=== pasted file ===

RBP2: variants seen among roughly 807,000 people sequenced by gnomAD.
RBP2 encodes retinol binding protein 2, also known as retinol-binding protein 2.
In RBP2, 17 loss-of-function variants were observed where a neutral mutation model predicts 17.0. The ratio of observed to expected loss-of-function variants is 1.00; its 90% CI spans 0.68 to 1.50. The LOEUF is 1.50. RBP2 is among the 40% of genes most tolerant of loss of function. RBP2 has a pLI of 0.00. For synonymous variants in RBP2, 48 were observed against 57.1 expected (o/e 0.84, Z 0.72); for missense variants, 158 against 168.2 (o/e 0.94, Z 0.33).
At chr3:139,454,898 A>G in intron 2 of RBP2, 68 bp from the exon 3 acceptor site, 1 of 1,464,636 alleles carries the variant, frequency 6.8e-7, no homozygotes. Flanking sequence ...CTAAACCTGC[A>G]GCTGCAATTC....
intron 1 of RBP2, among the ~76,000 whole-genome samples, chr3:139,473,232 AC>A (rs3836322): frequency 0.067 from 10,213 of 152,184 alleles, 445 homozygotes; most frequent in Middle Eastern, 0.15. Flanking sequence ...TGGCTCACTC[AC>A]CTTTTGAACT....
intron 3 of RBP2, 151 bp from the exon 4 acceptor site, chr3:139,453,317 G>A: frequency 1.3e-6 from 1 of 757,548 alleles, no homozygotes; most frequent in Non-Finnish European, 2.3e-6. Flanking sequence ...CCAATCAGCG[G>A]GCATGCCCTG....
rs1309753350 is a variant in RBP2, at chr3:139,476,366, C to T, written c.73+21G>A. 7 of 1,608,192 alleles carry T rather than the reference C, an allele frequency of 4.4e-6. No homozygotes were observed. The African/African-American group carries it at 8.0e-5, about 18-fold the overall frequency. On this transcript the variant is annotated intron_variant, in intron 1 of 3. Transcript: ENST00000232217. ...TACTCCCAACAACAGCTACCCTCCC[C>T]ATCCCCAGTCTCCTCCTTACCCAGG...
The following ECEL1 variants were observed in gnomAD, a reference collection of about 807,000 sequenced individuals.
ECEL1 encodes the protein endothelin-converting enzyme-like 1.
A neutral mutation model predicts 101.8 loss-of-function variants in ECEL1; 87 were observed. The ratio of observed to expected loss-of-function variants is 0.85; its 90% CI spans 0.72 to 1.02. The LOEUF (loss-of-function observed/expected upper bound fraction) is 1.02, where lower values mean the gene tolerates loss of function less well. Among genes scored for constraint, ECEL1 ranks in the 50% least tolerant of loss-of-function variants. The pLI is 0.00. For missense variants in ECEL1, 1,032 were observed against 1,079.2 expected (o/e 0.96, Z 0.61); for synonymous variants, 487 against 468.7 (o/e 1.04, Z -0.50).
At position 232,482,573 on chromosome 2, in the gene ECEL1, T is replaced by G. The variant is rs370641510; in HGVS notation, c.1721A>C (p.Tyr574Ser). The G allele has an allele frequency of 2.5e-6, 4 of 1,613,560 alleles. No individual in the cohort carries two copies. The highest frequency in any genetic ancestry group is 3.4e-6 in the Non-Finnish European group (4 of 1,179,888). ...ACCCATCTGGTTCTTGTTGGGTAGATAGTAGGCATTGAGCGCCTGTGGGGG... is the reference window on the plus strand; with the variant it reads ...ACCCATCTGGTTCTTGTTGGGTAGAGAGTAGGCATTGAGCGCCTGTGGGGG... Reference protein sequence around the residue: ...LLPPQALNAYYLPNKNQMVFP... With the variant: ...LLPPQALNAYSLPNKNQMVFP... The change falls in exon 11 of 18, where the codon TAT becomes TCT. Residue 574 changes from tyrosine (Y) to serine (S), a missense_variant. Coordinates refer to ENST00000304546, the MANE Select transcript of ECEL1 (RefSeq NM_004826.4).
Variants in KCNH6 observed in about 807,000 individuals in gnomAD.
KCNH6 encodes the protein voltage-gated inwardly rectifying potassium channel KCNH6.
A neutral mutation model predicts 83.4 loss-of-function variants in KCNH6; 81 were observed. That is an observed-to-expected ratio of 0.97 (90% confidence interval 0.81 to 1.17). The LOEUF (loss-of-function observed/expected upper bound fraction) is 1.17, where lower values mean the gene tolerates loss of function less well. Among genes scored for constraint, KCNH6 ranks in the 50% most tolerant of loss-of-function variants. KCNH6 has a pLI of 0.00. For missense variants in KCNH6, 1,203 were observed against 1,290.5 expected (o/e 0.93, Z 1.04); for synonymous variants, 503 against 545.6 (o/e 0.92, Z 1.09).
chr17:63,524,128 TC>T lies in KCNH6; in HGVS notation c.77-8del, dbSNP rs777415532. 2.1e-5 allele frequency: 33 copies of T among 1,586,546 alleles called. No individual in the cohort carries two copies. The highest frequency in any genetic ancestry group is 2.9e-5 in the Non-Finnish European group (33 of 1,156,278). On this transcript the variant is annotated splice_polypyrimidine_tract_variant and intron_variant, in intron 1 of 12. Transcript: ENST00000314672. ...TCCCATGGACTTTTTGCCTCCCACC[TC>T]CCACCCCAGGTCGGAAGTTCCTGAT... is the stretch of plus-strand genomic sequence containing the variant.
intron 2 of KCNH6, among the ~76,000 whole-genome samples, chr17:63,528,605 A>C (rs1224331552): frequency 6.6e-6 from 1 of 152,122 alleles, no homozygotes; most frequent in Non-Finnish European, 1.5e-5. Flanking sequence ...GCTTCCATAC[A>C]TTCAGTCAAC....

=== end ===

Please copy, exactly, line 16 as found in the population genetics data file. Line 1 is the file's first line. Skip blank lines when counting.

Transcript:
intron 2 of KCNH6, among the ~76,000 whole-genome samples, chr17:63,528,605 A>C (rs1224331552): frequency 6.6e-6 from 1 of 152,122 alleles, no homozygotes; most frequent in Non-Finnish European, 1.5e-5. Flanking sequence ...GCTTCCATAC[A>C]TTCAGTCAAC....